13 August, 2017
"We need to find ways to pressure and persuade North Korea that the path that it is on. can have no positive ending".
He added that politics aside, the family has no ill feelings toward North Korea because there are 22-million people in that society that should never be forgotten. Earlier this week, Trump said the country's threats against the USA would be met with "fire and fury". Trump doubled down on the tough talk later Friday.
Asked about Trump's language on North Korea, Freeland said Canada stands by all of its allies, including the United States.
Freeland said Canada is "working with our worldwide partners to seek a resolution, a de-escalation" in the situation.
"We've also been very clear with North Korea, both in direct conversations and publicly, that their nuclear program is a grave threat to the world, that it is something that must be stopped".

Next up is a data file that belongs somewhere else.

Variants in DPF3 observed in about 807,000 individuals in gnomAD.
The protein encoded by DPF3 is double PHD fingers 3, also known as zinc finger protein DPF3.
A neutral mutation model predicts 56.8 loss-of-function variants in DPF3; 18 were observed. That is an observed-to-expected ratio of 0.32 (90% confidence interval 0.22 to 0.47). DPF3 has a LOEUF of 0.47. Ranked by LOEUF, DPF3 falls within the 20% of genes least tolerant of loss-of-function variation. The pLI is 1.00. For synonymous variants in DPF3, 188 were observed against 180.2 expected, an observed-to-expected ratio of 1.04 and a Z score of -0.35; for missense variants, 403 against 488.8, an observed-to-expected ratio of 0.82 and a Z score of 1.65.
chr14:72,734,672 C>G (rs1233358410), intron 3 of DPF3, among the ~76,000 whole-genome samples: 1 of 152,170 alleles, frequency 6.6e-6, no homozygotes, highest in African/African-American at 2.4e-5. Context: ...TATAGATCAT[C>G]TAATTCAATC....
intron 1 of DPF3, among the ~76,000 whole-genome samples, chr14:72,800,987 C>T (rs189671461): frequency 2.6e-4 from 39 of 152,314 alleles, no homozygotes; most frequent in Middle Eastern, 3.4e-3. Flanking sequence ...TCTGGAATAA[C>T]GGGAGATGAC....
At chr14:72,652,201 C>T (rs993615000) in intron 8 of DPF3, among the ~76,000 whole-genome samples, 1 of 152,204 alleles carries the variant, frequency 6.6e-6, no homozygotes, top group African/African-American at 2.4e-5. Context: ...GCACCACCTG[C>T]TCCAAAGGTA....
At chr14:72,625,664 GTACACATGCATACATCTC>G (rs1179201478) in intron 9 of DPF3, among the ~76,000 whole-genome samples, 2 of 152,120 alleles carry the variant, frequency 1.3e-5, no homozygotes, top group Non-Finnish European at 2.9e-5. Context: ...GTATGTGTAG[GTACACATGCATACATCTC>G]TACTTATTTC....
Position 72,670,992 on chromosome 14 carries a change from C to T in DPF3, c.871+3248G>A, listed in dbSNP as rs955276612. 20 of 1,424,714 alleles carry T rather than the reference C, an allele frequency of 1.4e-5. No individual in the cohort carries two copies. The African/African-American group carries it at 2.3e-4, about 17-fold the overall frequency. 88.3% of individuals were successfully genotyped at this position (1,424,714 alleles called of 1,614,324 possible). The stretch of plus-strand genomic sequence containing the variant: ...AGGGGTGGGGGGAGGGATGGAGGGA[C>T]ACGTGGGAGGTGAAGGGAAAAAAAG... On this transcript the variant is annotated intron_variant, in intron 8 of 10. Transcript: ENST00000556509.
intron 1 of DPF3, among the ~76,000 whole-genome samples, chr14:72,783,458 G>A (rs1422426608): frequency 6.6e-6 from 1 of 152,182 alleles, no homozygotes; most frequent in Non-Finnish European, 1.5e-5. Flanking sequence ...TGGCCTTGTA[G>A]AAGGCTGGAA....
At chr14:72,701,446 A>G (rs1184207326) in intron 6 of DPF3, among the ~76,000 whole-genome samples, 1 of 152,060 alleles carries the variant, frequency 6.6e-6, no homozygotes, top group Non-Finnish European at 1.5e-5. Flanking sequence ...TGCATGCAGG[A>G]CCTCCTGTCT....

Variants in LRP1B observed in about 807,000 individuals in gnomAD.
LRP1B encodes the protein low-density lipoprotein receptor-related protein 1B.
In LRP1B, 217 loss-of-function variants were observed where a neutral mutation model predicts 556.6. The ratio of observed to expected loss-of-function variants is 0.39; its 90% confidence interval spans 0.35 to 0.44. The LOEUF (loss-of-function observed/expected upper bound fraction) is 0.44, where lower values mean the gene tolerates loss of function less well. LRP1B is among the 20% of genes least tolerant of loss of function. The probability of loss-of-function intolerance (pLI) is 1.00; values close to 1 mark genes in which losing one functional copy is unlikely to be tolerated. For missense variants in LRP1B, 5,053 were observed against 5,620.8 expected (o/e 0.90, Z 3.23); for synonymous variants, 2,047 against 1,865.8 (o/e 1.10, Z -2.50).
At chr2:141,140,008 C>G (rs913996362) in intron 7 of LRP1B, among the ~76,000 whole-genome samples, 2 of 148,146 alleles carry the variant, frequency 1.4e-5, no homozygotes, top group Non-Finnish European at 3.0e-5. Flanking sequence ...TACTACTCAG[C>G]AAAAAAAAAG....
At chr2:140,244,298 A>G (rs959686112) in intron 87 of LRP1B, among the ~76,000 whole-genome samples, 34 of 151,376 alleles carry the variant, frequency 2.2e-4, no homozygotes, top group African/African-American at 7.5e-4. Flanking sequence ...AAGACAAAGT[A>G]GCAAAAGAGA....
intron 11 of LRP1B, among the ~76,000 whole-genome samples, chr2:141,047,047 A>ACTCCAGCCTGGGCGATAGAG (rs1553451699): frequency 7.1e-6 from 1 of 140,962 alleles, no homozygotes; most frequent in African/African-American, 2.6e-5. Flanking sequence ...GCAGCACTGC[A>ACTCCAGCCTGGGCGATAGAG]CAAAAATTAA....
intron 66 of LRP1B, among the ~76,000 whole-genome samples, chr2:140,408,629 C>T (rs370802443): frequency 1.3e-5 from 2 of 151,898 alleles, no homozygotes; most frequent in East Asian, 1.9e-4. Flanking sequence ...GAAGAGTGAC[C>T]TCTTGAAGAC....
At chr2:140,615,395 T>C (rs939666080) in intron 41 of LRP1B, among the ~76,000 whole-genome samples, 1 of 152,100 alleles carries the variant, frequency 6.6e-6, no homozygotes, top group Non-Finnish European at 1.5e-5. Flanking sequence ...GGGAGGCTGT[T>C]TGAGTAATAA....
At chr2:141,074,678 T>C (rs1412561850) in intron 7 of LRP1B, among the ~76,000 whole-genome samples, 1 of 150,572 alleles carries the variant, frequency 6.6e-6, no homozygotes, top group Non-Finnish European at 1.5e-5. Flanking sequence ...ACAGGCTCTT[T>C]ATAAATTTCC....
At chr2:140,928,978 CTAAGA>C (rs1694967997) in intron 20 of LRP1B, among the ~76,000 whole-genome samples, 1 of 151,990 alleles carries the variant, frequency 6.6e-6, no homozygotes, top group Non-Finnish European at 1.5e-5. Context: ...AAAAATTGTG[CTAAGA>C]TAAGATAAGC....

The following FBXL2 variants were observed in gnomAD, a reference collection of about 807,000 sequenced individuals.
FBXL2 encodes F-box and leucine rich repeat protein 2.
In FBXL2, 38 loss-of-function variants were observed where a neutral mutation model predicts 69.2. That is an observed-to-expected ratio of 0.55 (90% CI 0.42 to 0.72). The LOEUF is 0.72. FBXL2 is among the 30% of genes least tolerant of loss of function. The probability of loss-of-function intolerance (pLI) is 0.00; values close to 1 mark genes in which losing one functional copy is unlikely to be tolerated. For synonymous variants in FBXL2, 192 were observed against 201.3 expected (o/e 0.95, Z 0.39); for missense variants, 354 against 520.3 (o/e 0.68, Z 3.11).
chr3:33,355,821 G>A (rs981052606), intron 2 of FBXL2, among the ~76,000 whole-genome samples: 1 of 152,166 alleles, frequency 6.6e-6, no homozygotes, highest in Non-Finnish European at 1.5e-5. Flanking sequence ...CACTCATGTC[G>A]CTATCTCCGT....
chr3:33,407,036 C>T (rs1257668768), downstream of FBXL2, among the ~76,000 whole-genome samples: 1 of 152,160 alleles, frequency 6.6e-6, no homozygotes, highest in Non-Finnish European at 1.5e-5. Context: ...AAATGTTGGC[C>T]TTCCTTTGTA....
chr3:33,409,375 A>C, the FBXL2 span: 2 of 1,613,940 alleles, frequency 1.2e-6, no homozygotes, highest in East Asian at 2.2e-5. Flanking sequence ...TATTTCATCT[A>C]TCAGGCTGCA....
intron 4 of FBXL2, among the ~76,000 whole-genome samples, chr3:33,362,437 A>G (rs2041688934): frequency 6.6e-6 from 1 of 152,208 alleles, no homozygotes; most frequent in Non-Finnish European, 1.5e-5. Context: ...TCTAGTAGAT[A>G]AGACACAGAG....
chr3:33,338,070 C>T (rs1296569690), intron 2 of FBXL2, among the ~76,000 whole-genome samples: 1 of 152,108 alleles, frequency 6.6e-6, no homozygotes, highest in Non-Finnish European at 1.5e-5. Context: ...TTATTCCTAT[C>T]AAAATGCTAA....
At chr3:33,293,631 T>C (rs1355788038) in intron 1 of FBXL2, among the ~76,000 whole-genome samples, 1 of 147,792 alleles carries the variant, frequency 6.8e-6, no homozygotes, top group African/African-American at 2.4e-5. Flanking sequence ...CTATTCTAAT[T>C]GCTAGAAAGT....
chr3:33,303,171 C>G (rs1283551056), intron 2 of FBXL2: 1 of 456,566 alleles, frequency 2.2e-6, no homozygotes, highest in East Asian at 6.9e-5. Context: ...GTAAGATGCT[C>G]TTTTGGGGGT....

"It is of absolutely pressing concern for Canada and we are very involved working with our global partners to seek a resolution, a de-escalation, to really get North Korea to understand it must get off of this path which is so destructive for North Korea and the world".
"Thanks to the Canadian public for praying for us. we are proud to be Canadians", he said, noting the first thing his dad wanted to do after reuniting with his family was to drop by a Tim Horton's for a coffee and a doughnut.
"We are very glad that pastor Lim is now safely home", she said.
Foreign Affairs Minister Chrystia Freeland says Canada stands by the United States, but called for a de-escalation in the war of words with North Korea. "That is a very separate and distinct issue". He was serving life imprisonment after being convicted of anti-state activities two years ago.
Hyeon Soo Lim, a Toronto-area pastor who was detained in North Korea for over two years, is back in the city after catching a connecting flight in Ottawa. He was expected to arrive in Canada on Friday or Saturday.